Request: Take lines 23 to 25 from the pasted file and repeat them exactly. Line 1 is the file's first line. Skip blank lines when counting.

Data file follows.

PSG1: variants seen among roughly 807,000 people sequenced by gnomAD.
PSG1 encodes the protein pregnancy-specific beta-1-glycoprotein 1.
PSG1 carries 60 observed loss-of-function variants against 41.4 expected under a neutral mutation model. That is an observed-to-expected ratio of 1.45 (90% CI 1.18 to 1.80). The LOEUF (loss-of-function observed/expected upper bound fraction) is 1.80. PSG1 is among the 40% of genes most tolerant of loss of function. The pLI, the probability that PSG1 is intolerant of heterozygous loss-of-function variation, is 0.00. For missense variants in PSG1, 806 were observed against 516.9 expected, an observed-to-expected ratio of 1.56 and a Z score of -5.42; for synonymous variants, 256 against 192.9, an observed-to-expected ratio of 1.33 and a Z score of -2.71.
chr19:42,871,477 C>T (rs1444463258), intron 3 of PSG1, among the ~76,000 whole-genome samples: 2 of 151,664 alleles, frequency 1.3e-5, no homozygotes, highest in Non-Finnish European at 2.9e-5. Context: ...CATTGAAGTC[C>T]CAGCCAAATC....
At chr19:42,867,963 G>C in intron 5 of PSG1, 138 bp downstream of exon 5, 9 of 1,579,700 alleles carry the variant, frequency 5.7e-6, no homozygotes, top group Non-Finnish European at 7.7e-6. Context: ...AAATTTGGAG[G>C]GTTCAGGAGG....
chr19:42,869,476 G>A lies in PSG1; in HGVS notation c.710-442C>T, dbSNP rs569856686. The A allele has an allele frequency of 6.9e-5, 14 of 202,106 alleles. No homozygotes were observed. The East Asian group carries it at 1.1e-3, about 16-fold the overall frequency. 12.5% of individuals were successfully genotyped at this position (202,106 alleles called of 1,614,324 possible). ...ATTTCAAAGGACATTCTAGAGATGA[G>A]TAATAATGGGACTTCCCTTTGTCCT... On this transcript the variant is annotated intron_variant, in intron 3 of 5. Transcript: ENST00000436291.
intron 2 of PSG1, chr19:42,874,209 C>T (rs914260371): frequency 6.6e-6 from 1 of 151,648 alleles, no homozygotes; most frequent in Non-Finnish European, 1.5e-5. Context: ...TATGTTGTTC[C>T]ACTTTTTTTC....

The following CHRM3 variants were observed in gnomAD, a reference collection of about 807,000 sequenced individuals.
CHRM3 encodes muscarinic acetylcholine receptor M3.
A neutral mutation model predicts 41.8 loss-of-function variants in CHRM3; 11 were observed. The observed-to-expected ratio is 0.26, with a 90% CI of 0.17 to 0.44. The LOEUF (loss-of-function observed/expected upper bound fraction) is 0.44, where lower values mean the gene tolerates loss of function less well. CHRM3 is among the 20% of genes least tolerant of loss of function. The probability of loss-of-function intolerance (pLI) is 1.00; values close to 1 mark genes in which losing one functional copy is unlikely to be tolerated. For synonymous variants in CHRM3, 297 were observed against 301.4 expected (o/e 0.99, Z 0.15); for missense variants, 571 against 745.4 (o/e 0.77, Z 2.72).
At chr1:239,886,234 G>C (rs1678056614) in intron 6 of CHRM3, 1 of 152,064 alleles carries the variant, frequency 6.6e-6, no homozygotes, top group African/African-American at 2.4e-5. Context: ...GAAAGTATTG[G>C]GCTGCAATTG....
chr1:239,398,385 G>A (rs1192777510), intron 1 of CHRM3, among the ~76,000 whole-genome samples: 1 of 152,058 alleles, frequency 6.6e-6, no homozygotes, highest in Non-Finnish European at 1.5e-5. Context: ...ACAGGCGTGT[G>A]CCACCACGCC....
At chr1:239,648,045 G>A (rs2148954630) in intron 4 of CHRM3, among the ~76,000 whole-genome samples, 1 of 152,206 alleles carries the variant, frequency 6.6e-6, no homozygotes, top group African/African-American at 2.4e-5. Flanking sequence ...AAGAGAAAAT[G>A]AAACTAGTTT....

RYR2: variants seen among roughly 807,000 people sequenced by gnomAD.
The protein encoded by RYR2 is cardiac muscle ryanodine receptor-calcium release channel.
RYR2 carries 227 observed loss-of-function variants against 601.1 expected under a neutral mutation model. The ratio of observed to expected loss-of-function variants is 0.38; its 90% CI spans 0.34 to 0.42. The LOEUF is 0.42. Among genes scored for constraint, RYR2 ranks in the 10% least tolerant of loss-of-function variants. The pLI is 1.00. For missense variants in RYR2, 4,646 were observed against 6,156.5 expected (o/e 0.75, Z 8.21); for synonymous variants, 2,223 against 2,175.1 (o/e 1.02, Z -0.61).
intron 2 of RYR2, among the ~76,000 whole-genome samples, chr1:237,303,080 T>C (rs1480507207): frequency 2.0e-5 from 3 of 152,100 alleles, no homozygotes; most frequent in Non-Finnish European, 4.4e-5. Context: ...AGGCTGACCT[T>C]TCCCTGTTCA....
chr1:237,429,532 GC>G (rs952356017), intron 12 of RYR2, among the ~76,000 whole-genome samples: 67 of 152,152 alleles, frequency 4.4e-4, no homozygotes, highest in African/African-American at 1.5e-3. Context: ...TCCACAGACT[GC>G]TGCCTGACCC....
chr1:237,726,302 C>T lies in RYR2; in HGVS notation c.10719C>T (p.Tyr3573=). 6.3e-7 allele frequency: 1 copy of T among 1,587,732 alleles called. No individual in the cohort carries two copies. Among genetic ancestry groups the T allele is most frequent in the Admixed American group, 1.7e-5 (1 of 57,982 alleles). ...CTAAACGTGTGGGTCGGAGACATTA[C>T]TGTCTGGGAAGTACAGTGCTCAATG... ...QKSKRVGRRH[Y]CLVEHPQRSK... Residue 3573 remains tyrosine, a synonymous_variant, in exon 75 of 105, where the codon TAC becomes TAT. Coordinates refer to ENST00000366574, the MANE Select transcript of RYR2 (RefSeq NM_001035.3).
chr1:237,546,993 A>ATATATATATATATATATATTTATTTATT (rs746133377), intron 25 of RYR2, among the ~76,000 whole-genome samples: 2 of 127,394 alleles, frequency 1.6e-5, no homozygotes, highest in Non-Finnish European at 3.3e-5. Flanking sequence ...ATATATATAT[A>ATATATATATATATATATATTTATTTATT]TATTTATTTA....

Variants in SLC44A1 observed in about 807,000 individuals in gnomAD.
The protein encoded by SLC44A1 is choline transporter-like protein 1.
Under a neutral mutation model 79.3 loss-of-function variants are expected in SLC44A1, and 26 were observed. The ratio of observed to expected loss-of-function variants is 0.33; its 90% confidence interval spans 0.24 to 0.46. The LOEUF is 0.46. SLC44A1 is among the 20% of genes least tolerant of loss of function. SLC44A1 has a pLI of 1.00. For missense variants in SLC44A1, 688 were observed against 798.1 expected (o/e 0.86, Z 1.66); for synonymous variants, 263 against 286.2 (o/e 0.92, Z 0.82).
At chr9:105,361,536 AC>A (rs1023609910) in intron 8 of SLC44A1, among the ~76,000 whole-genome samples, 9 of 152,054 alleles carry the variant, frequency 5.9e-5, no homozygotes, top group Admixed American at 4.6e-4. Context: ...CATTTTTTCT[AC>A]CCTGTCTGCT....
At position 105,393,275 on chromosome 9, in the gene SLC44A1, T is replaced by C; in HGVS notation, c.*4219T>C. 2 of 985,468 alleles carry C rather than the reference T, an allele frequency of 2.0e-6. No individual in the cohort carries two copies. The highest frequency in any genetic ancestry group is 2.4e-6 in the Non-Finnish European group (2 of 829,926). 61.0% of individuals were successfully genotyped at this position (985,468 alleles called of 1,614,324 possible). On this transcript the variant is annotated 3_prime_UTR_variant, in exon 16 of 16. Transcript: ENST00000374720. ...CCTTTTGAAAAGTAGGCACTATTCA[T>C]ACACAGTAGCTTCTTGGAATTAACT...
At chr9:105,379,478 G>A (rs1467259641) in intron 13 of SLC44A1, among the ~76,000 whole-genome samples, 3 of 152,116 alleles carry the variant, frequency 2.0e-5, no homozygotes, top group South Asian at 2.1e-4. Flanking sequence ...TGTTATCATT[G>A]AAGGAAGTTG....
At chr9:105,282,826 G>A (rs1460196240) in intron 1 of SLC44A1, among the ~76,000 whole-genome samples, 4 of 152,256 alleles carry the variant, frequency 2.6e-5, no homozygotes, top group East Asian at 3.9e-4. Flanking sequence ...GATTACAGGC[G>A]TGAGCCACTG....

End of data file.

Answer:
Under a neutral mutation model 79.3 loss-of-function variants are expected in SLC44A1, and 26 were observed. The ratio of observed to expected loss-of-function variants is 0.33; its 90% confidence interval spans 0.24 to 0.46. The LOEUF is 0.46. SLC44A1 is among the 20% of genes least tolerant of loss of function. SLC44A1 has a pLI of 1.00. For missense variants in SLC44A1, 688 were observed against 798.1 expected (o/e 0.86, Z 1.66); for synonymous variants, 263 against 286.2 (o/e 0.92, Z 0.82).
At chr9:105,361,536 AC>A (rs1023609910) in intron 8 of SLC44A1, among the ~76,000 whole-genome samples, 9 of 152,054 alleles carry the variant, frequency 5.9e-5, no homozygotes, top group Admixed American at 4.6e-4. Context: ...CATTTTTTCT[AC>A]CCTGTCTGCT....
At position 105,393,275 on chromosome 9, in the gene SLC44A1, T is replaced by C; in HGVS notation, c.*4219T>C. 2 of 985,468 alleles carry C rather than the reference T, an allele frequency of 2.0e-6. No individual in the cohort carries two copies. The highest frequency in any genetic ancestry group is 2.4e-6 in the Non-Finnish European group (2 of 829,926). 61.0% of individuals were successfully genotyped at this position (985,468 alleles called of 1,614,324 possible). On this transcript the variant is annotated 3_prime_UTR_variant, in exon 16 of 16. Transcript: ENST00000374720. ...CCTTTTGAAAAGTAGGCACTATTCA[T>C]ACACAGTAGCTTCTTGGAATTAACT...